Wireless LAN Controller in the Private Cloud

wlancontroller_rsserieWhether it’s the residential sector or comprehensive installations within offices, to highly sophisticated applications and even beyond, by now wireless networks can be found in almost all market segments. Wireless LAN has become far more than a mere network to supply wireless Internet connectivity. The technology is now part of a business processes. Due to the large variety of applications, it is hard to mention all of them. Nevertheless, these are the most common applications. The wireless Internet access and e-mail connection are the most common applications for sure. Some companies have even stopped using LAN cabling to a great extent. Retailers often use mobile cash registers connected via wireless LAN. Logistic companies, as well as retailers, register incoming and outgoing goods by wireless barcode scanners. And while we are on the subject of retailers and logistic companies, they nearly always have several locations and hence they are chain stores.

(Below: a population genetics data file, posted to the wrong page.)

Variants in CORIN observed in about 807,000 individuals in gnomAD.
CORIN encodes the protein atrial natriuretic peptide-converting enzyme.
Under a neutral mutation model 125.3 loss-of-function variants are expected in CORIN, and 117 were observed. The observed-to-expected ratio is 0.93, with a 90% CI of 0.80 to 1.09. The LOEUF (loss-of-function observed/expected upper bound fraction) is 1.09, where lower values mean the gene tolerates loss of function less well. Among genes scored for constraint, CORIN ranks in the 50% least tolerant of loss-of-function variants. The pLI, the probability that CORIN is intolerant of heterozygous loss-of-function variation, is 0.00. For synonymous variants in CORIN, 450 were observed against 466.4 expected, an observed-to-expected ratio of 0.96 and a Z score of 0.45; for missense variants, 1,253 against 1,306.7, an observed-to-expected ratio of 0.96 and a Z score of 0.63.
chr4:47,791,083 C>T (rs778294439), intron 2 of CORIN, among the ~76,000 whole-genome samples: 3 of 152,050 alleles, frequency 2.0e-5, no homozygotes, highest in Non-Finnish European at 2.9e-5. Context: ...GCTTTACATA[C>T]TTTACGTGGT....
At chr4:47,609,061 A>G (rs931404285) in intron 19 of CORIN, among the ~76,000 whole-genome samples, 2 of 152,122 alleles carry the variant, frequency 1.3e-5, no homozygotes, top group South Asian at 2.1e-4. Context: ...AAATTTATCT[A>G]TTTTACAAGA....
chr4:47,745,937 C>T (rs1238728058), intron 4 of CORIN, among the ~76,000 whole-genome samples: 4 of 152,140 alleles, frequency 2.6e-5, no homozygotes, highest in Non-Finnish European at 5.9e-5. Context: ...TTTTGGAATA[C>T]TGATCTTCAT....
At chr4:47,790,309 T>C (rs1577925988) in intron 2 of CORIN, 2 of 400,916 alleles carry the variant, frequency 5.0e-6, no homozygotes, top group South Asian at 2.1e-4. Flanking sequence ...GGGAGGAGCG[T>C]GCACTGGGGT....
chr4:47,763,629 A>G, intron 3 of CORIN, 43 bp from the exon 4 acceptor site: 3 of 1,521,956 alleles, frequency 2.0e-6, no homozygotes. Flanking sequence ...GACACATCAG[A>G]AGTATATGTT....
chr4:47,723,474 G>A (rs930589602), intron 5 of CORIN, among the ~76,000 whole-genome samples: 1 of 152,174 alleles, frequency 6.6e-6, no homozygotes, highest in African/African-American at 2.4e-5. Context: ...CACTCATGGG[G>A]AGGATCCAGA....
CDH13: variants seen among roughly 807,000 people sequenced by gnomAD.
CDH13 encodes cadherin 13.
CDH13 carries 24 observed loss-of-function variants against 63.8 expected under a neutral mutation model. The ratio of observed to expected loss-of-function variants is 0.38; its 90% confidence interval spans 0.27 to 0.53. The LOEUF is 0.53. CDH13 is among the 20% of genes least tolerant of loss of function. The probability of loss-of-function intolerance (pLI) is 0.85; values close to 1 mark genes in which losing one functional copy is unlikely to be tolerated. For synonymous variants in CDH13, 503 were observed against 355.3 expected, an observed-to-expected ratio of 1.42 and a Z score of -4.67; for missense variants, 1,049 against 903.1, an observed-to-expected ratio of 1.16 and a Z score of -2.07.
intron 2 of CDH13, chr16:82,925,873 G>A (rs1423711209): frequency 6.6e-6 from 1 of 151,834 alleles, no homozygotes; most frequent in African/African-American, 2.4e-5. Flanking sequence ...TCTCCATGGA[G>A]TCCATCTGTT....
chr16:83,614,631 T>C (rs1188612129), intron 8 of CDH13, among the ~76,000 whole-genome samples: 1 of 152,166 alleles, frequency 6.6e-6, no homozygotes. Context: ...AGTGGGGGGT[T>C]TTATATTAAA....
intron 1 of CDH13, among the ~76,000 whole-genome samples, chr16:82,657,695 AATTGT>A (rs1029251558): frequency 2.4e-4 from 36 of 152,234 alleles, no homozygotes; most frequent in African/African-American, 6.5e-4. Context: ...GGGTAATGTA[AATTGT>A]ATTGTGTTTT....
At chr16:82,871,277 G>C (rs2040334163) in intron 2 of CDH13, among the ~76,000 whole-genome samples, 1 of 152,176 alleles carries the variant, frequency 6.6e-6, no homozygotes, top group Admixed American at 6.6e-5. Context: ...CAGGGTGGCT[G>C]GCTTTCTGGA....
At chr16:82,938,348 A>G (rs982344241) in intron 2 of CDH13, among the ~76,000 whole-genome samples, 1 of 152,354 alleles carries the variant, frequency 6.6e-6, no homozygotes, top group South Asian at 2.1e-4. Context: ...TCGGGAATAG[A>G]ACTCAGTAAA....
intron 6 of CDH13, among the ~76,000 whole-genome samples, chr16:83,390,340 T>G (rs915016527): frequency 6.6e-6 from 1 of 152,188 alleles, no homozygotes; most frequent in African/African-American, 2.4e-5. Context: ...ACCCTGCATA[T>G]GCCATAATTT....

Today’s wireless LAN networks have become increasingly available throughout the entire company infrastructure. Therefore a variety of access points are required for a seamless network and of course, for a central management and monitoring of sometimes numerous access points, wireless LAN controllers are used.

Wireless LAN controller for chain stores and branch offices: Centralized management

We will now describe the suitability of wireless LAN controllers for chain stores in order to facilitate the monitoring and configuration of wireless LAN networks in different branches. Thus the central management and monitoring of all access points in all branches should be prioritized.

Working via a WAN connection a wireless LAN controller in remote operation, secured via a VPN tunnel, has some specific characteristics.

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In the graph above the wireless LAN controller located at the central site communicates via a secured VPN connection to numerous access points which are located in several branches.